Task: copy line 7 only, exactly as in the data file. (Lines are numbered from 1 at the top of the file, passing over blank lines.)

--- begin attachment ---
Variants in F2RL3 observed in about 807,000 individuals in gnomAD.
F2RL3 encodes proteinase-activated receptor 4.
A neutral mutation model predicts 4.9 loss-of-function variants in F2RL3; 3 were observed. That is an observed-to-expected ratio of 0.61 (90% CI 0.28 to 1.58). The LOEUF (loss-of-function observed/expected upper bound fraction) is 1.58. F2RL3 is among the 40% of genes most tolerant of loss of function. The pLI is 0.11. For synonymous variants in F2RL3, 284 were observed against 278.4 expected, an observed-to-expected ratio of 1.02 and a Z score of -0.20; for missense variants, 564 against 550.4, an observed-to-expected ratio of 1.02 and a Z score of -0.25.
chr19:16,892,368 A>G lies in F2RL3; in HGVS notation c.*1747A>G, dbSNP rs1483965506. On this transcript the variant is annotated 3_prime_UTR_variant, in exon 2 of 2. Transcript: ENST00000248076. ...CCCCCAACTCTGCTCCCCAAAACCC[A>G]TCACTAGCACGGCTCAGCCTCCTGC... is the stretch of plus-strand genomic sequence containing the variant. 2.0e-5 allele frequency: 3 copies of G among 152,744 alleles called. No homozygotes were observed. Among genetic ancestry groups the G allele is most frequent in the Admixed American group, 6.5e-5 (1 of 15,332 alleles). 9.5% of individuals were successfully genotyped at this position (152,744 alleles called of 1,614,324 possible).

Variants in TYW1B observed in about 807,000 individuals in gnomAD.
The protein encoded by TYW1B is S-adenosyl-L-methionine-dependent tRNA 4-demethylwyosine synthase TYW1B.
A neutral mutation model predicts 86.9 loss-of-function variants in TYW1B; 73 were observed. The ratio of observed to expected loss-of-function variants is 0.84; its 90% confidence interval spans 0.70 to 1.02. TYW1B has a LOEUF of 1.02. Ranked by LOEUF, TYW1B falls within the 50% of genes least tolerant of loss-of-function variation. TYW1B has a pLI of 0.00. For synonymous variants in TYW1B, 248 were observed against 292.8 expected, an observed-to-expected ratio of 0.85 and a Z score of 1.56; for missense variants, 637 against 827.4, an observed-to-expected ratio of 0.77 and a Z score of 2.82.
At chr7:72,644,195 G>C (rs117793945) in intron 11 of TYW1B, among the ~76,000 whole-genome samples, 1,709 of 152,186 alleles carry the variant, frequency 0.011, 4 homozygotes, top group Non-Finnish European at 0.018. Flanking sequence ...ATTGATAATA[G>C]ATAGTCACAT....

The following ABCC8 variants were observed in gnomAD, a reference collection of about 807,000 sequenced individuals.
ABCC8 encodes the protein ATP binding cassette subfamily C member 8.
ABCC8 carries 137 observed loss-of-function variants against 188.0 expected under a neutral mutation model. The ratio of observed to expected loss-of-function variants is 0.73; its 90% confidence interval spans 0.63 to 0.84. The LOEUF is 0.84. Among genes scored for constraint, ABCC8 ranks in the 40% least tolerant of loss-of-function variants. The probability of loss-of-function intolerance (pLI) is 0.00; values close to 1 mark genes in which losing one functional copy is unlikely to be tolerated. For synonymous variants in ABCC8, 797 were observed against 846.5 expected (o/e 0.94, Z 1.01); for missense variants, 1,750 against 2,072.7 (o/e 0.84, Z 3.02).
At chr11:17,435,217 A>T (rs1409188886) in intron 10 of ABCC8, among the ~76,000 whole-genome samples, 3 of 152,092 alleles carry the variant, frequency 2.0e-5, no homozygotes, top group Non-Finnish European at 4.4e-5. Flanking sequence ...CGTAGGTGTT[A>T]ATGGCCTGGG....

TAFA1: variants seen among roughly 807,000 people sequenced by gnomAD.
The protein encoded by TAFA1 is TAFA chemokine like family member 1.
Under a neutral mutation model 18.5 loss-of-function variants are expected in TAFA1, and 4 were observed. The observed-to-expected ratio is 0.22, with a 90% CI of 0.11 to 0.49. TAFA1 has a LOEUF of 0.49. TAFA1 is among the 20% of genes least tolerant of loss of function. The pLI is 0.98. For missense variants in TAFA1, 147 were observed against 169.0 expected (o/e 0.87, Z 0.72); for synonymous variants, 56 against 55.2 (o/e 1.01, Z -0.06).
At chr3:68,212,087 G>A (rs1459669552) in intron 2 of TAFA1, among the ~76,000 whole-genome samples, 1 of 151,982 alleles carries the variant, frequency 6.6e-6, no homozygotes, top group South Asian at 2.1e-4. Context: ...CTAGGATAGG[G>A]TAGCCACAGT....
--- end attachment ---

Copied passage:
A neutral mutation model predicts 86.9 loss-of-function variants in TYW1B; 73 were observed. The ratio of observed to expected loss-of-function variants is 0.84; its 90% confidence interval spans 0.70 to 1.02. TYW1B has a LOEUF of 1.02. Ranked by LOEUF, TYW1B falls within the 50% of genes least tolerant of loss-of-function variation. TYW1B has a pLI of 0.00. For synonymous variants in TYW1B, 248 were observed against 292.8 expected, an observed-to-expected ratio of 0.85 and a Z score of 1.56; for missense variants, 637 against 827.4, an observed-to-expected ratio of 0.77 and a Z score of 2.82.